Rider Needs

Adult trikes are more capable of accommodating a range of riders with specific needs. Many people who have physical challenges or disabilities may find a trike to be more accommodating than a two-wheeled bicycle. Trikes can be modified to allow persons who are paraplegic to use hand cranks rather than foot pedals. Individuals with balance or visual issues may also find a trike easier to ride. Older people who may not feel comfortable on an upright bike may take to a trike with great ease.

Recumbent tricycles are a comfortable alternative to traditional bicycles when it comes to improving cardiovascular endurance, weight loss, and athletic training. They offer riders a stability at lower speeds that is unmatched by conventional bicycles. When compared to conventional bicycles they are safer, more comfortable, easier to get in and out of, and easier to start and stop.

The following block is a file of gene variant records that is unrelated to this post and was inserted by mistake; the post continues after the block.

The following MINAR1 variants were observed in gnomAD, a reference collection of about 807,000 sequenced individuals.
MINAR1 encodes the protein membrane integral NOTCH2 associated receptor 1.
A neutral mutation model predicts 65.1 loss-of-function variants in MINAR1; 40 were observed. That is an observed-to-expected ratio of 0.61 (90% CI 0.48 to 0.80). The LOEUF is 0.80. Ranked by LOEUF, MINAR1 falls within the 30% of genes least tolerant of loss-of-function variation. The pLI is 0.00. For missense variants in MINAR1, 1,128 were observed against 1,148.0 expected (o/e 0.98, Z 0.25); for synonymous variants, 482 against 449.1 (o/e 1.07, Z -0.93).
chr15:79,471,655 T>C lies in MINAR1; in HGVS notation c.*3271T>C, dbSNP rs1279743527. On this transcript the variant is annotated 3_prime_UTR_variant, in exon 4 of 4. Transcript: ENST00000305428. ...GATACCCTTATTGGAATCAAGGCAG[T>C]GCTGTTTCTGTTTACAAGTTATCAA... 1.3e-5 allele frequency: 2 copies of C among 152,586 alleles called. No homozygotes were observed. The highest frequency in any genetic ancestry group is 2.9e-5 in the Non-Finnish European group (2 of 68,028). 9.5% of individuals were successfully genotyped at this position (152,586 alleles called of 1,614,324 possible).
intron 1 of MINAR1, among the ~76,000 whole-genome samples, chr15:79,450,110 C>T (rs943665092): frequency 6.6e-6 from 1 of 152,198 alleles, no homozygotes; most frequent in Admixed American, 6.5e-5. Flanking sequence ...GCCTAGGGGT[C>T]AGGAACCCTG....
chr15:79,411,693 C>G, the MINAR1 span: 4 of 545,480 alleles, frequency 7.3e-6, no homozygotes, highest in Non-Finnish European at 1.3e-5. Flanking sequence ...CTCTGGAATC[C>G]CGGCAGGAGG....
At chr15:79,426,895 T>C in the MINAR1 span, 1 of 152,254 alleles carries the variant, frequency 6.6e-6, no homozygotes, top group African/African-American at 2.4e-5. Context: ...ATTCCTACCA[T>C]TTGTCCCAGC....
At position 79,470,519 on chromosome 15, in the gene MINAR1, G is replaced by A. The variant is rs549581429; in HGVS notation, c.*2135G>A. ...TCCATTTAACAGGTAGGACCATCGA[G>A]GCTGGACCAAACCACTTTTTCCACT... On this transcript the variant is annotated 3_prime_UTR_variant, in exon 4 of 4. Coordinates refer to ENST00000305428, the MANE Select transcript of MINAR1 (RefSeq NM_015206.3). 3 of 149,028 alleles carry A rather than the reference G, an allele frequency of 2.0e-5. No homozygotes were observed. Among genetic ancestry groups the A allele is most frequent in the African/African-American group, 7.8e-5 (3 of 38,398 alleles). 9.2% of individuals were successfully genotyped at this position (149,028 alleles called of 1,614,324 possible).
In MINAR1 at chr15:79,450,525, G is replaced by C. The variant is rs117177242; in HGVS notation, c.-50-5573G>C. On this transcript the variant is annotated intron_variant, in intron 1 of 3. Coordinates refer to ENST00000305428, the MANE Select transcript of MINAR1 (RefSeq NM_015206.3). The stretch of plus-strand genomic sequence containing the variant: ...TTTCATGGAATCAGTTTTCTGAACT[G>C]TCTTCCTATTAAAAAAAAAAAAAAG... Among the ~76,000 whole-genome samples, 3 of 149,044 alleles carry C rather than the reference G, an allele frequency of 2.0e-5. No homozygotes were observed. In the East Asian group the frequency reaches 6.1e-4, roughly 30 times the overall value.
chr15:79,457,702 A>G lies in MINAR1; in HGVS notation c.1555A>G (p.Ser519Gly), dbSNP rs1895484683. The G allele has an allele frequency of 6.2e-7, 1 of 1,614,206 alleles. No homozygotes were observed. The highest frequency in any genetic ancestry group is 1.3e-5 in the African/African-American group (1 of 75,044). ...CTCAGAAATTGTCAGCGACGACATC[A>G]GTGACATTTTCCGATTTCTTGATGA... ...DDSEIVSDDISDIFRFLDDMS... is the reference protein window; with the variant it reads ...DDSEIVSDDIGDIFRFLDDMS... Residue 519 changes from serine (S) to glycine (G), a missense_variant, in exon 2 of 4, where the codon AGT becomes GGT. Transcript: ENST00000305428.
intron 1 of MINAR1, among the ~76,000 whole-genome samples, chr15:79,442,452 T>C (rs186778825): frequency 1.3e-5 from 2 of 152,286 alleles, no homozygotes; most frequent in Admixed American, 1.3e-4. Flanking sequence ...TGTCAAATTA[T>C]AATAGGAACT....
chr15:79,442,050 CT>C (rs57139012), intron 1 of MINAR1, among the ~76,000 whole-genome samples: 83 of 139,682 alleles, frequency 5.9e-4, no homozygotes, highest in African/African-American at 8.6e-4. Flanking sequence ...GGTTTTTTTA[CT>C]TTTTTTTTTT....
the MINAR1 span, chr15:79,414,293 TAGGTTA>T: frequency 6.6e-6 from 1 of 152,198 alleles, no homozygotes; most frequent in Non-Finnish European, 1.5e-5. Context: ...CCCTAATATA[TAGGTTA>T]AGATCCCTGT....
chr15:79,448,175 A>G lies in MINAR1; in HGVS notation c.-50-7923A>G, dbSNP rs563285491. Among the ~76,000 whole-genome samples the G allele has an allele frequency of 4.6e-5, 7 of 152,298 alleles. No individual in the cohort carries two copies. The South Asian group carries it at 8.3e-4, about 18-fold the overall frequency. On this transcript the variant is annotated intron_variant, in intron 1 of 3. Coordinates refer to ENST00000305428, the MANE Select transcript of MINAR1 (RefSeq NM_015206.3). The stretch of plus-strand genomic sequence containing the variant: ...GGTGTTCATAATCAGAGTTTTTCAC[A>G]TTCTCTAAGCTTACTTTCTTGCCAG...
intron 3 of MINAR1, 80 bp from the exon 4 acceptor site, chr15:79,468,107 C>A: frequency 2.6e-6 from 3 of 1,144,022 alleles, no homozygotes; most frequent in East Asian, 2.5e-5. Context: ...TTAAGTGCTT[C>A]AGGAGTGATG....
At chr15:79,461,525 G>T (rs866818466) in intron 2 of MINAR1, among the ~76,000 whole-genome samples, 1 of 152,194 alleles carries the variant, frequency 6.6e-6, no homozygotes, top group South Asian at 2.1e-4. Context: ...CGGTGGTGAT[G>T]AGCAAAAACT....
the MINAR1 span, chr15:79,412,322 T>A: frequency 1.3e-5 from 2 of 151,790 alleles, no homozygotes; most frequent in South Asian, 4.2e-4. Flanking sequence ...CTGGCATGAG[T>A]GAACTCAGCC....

Types of Recumbent Tricycles

The tadpole tricycle and the delta tricycle are the main types of recumbent tricycles. Typically used for more challenging rides, the tadpole tricycle has two front wheels and places the rider in a more reclined and aerodynamic position with hand controls by the rider’s thighs. Delta tricycles have two rear wheels and are usually cheaper than tadpoles. Better suited for shorter rides, delta tricycles are larger and place riders in an upright seated position, making them easier to get in and out of. Hand controls can be located by the rider’s thighs or raised to the level of traditional handle bars.


Recumbent tricycles place riders in a semi-reclined position that is more anatomically correct then standard bicycles. The size of the recumbent tricycle’s bucket seat creates an even distribution of body weight across the buttocks and back. This keeps the arms, hands, shoulders and neck in a relaxed and aligned position. Sitting upright allows the lungs to fully expand and the legs to fully extend and flex. This neutral position minimizes the strain on the back, neck, hands and joints. The larger bucket seat also relieves the chronic compression of the perineal nerve and does not aggravate chronic prostate problems.